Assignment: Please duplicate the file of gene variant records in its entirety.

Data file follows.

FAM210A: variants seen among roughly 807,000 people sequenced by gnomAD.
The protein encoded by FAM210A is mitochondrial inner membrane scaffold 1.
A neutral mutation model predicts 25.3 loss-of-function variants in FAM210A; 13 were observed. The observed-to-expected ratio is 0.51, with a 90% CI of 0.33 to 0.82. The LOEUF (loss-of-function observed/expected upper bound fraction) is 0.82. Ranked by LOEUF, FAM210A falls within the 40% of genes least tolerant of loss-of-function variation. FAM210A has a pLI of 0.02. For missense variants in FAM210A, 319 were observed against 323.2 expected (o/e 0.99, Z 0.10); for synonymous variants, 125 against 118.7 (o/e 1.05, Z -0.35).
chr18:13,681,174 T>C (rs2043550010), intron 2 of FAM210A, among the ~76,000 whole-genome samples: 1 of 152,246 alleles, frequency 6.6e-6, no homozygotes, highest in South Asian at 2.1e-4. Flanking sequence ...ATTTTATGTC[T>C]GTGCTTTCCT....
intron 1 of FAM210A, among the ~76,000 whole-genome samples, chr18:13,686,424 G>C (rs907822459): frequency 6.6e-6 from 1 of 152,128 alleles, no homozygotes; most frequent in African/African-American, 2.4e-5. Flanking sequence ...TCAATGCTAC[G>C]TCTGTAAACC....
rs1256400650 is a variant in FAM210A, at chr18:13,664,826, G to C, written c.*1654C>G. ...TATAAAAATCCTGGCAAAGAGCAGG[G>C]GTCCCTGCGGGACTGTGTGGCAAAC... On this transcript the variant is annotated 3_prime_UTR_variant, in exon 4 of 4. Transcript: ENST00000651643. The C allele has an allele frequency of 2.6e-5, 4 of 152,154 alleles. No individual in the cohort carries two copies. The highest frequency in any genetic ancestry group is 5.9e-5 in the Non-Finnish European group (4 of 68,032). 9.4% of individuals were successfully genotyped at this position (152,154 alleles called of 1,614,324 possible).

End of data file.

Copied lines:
FAM210A: variants seen among roughly 807,000 people sequenced by gnomAD.
The protein encoded by FAM210A is mitochondrial inner membrane scaffold 1.
A neutral mutation model predicts 25.3 loss-of-function variants in FAM210A; 13 were observed. The observed-to-expected ratio is 0.51, with a 90% CI of 0.33 to 0.82. The LOEUF (loss-of-function observed/expected upper bound fraction) is 0.82. Ranked by LOEUF, FAM210A falls within the 40% of genes least tolerant of loss-of-function variation. FAM210A has a pLI of 0.02. For missense variants in FAM210A, 319 were observed against 323.2 expected (o/e 0.99, Z 0.10); for synonymous variants, 125 against 118.7 (o/e 1.05, Z -0.35).
chr18:13,681,174 T>C (rs2043550010), intron 2 of FAM210A, among the ~76,000 whole-genome samples: 1 of 152,246 alleles, frequency 6.6e-6, no homozygotes, highest in South Asian at 2.1e-4. Flanking sequence ...ATTTTATGTC[T>C]GTGCTTTCCT....
intron 1 of FAM210A, among the ~76,000 whole-genome samples, chr18:13,686,424 G>C (rs907822459): frequency 6.6e-6 from 1 of 152,128 alleles, no homozygotes; most frequent in African/African-American, 2.4e-5. Flanking sequence ...TCAATGCTAC[G>C]TCTGTAAACC....
rs1256400650 is a variant in FAM210A, at chr18:13,664,826, G to C, written c.*1654C>G. ...TATAAAAATCCTGGCAAAGAGCAGG[G>C]GTCCCTGCGGGACTGTGTGGCAAAC... On this transcript the variant is annotated 3_prime_UTR_variant, in exon 4 of 4. Transcript: ENST00000651643. The C allele has an allele frequency of 2.6e-5, 4 of 152,154 alleles. No individual in the cohort carries two copies. The highest frequency in any genetic ancestry group is 5.9e-5 in the Non-Finnish European group (4 of 68,032). 9.4% of individuals were successfully genotyped at this position (152,154 alleles called of 1,614,324 possible).